framebufferResized_ = false;
        } else if (result != VK_SUCCESS) {
            throw std::runtime_error("failed to present swap chain image!");

        currentFrame_ = (currentFrame_ + 1) % MAX_FRAMES_IN_FLIGHT;
} // namespace vrx

Now, as for the implementation details, VRXDevices can not be declared as an object, it's constructor and destructor are deleted. You can not do this:

VRXDevices vrxDevices; // This will fail to compile! There is NO SUCH OBJECT

Now, all of the static functions is this class have static binding and static linkage and there will only ever be 1 declared and defined function regardless of what translation unit they are found in, also this type of class has no member variables. Now, these types of classes could also contain constexpr type name value that are related to the class of functions!

Here the user is forced to use scope resolution operator to use them such as


If these were just standalone functions wrapped in a namespace such as

namespace vrx {
   namespace VRXDevices {
       void createSwapchain(args...);

Then a user can easily do this:

using namespace vrx::VRXDevices;



however, maybe not with this function, but with some other functions there could end up being naming collisions and or resolution problems especially if they start to use aliases... the idea here is the restrict the user for using the using directive on a namespace. Now if I had a bunch of free-standing math type functions such as sqrt, min, max, ceil, floor, etc... then yeah I'd just put them into a namespace... You put values in, it calculates and gives a result back... but not in this case as this is kind of "domain" specific so-to-speak.

Another thing about the concept of wrapping these functions into a nondeclarative class that has complete static binding is that down the road when I start to work on doing multiple shaders and I need multiple pipelines... I'll eventually refactor this like I did in my second version by grouping similar functions such as keeping all of the swap chain stuff together, all of the pipeline stuff together all of the buffers together, the command pools and command buffers, the descriptor pools & descriptor sets, etc... then when I need to start using templates, especially variadic templates... I might have something like:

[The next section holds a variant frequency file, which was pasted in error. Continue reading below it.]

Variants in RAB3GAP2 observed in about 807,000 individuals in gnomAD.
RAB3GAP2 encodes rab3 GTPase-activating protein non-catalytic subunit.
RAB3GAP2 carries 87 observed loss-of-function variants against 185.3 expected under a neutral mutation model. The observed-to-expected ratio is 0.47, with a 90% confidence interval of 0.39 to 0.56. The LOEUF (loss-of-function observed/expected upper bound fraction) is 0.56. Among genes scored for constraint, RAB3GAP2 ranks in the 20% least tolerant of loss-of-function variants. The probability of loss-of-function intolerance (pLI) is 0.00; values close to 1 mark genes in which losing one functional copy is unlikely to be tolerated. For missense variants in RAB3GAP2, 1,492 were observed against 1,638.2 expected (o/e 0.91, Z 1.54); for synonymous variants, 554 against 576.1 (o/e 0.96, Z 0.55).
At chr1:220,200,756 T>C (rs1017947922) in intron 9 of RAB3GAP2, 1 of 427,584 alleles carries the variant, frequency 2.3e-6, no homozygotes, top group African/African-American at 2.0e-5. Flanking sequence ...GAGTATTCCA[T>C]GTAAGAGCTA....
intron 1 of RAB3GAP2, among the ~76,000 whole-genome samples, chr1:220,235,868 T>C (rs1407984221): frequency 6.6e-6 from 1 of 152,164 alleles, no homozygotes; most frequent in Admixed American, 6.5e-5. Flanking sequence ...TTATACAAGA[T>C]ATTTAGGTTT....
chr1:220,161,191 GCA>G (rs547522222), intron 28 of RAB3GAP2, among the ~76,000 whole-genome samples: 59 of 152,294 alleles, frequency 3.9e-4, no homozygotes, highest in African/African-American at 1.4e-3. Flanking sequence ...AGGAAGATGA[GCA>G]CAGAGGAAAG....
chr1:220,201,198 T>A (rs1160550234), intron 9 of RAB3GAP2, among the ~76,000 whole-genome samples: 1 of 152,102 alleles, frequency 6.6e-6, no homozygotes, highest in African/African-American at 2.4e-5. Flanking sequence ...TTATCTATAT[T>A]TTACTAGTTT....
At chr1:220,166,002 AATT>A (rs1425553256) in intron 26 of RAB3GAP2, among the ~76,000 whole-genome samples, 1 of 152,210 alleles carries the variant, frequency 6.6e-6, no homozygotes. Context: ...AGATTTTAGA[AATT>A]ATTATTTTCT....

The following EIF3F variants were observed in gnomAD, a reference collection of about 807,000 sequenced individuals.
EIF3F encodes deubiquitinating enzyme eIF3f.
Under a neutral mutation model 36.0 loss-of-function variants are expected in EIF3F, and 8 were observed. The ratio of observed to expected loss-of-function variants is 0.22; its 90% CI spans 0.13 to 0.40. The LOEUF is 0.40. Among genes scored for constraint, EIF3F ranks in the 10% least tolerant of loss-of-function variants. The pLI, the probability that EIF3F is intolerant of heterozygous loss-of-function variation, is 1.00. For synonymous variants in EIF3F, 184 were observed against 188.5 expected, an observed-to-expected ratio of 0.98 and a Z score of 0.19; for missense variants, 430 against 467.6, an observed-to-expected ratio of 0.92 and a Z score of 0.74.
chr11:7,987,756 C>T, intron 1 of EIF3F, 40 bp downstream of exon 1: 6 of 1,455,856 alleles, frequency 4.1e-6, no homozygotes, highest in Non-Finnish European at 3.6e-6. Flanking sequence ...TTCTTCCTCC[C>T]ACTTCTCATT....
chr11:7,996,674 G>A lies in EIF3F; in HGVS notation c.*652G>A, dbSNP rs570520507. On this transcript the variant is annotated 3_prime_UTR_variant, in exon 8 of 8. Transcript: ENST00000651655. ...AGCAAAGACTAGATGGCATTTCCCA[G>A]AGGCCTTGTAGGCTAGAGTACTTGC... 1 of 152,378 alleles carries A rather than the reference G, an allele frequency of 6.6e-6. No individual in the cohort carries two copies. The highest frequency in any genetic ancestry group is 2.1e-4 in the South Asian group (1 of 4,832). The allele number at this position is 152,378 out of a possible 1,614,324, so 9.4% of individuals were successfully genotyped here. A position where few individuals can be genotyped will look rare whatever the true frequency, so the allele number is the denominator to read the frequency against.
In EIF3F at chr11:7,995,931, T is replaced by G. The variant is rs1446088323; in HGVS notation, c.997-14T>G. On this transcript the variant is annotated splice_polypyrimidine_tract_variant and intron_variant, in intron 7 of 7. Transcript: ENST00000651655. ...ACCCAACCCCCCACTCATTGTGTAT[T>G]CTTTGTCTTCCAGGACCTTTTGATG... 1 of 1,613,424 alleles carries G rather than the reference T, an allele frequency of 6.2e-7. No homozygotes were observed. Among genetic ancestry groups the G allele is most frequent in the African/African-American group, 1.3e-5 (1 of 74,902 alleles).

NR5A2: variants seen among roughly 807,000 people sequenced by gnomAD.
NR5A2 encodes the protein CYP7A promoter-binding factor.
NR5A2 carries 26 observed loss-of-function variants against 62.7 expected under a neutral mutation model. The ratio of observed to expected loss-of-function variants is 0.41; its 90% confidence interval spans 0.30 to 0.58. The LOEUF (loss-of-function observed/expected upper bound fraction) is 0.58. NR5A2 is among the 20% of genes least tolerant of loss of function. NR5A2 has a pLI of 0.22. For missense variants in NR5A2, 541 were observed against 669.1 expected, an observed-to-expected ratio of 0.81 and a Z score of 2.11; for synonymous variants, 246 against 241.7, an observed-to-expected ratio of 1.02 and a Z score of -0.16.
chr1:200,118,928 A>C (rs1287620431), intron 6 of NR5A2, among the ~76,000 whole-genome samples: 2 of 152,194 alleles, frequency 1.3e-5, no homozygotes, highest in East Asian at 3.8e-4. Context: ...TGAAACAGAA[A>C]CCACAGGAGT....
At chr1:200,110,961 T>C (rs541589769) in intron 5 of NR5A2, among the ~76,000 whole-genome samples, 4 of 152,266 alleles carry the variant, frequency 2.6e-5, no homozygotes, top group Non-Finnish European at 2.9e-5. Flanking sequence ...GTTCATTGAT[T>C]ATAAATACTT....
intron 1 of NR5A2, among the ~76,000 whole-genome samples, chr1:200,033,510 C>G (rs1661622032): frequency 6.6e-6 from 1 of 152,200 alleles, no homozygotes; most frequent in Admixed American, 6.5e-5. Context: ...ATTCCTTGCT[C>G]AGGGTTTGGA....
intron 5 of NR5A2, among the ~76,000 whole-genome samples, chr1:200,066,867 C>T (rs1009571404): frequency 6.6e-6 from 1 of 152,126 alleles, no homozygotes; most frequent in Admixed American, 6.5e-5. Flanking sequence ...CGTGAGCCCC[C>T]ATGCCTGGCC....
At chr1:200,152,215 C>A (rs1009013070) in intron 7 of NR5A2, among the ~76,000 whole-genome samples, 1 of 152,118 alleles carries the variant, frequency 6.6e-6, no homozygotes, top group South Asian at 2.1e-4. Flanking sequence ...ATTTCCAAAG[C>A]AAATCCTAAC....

template<typename... Args>
class VRXShaders {
     enum Type { BLOOM, BLUR, REFLECT, ETC...};
     VRXShaders() = delete;
     ~VRXShaders() = delete;
      static VkShaderModule createShader( Type type, args... );

You can not template a namespace... and although you could have a variadic function template, you wouldn't be able to make it have static linkage unless if you put it into a class. Now, when you delete the constructor and the destructor, the class is no longer considered an object, and the user will have to be forced to use the scope resolution operator. This binds related functions to a specific scope resolution.

I do not believe that it is an anti-pattern at all. Now, I'm not trying to claim that this is the perfect solution for every scenario because that is not always the case. Sometimes you might need RAII, you might need CRTP, you might need SFINAE, you might need Polymorphism it all depends on the task at hand. There are places that this kind of structure is very useful, it doesn't affect debugging at all, it keeps the code clean and concise, it helps to make it readable and also expresses intent.

Now can people abuse this technique? Yes, they can and when that happens it can become an issue and possibly a problem. The only major problem here would be when someone goes to refactor it, they would have to move functions, change the resolution to its new scope, change the parameter passing, reorganize things due to change in object lifetimes, etc. So when this is abused, it can become a nuisance and create headaches for some.

I wouldn't say "never" do this, but I also wouldn't say "do this on everything and everywhere". My suggestion on this exact topic is to use this when and where it is appropriate for the problem domain...

You see there are Class Objects such as:

class Foo {
    int x();
    explicit Foo(int val) : x{val} {}